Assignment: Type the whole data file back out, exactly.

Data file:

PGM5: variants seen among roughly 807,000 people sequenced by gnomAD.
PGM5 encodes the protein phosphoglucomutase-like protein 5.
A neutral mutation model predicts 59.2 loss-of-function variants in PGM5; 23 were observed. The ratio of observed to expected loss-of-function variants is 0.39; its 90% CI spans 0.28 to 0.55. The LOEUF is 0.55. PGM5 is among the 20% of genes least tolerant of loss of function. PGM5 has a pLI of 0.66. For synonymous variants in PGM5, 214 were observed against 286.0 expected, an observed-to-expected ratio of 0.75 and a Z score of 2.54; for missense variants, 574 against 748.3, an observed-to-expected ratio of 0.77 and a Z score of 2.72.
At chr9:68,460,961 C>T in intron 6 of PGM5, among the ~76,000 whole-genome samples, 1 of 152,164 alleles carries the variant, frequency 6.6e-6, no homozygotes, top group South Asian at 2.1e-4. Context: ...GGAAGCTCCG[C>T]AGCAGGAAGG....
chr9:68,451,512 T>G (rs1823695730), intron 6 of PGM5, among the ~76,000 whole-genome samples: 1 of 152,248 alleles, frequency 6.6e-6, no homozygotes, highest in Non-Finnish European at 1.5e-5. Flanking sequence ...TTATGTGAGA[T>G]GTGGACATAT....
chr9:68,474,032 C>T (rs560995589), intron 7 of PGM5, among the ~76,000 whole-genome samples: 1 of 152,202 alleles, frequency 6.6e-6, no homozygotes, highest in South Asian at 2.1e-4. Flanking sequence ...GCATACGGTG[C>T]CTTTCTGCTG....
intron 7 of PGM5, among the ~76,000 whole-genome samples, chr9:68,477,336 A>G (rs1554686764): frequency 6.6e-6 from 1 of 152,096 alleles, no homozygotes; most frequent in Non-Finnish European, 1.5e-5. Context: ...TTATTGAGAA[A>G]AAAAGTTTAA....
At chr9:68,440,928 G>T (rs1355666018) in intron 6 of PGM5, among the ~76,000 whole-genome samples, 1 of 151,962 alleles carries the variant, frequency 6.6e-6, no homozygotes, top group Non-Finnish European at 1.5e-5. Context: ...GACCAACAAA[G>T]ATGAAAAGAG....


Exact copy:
PGM5: variants seen among roughly 807,000 people sequenced by gnomAD.
PGM5 encodes the protein phosphoglucomutase-like protein 5.
A neutral mutation model predicts 59.2 loss-of-function variants in PGM5; 23 were observed. The ratio of observed to expected loss-of-function variants is 0.39; its 90% CI spans 0.28 to 0.55. The LOEUF is 0.55. PGM5 is among the 20% of genes least tolerant of loss of function. PGM5 has a pLI of 0.66. For synonymous variants in PGM5, 214 were observed against 286.0 expected, an observed-to-expected ratio of 0.75 and a Z score of 2.54; for missense variants, 574 against 748.3, an observed-to-expected ratio of 0.77 and a Z score of 2.72.
At chr9:68,460,961 C>T in intron 6 of PGM5, among the ~76,000 whole-genome samples, 1 of 152,164 alleles carries the variant, frequency 6.6e-6, no homozygotes, top group South Asian at 2.1e-4. Context: ...GGAAGCTCCG[C>T]AGCAGGAAGG....
chr9:68,451,512 T>G (rs1823695730), intron 6 of PGM5, among the ~76,000 whole-genome samples: 1 of 152,248 alleles, frequency 6.6e-6, no homozygotes, highest in Non-Finnish European at 1.5e-5. Flanking sequence ...TTATGTGAGA[T>G]GTGGACATAT....
chr9:68,474,032 C>T (rs560995589), intron 7 of PGM5, among the ~76,000 whole-genome samples: 1 of 152,202 alleles, frequency 6.6e-6, no homozygotes, highest in South Asian at 2.1e-4. Flanking sequence ...GCATACGGTG[C>T]CTTTCTGCTG....
intron 7 of PGM5, among the ~76,000 whole-genome samples, chr9:68,477,336 A>G (rs1554686764): frequency 6.6e-6 from 1 of 152,096 alleles, no homozygotes; most frequent in Non-Finnish European, 1.5e-5. Context: ...TTATTGAGAA[A>G]AAAAGTTTAA....
At chr9:68,440,928 G>T (rs1355666018) in intron 6 of PGM5, among the ~76,000 whole-genome samples, 1 of 151,962 alleles carries the variant, frequency 6.6e-6, no homozygotes, top group Non-Finnish European at 1.5e-5. Context: ...GACCAACAAA[G>T]ATGAAAAGAG....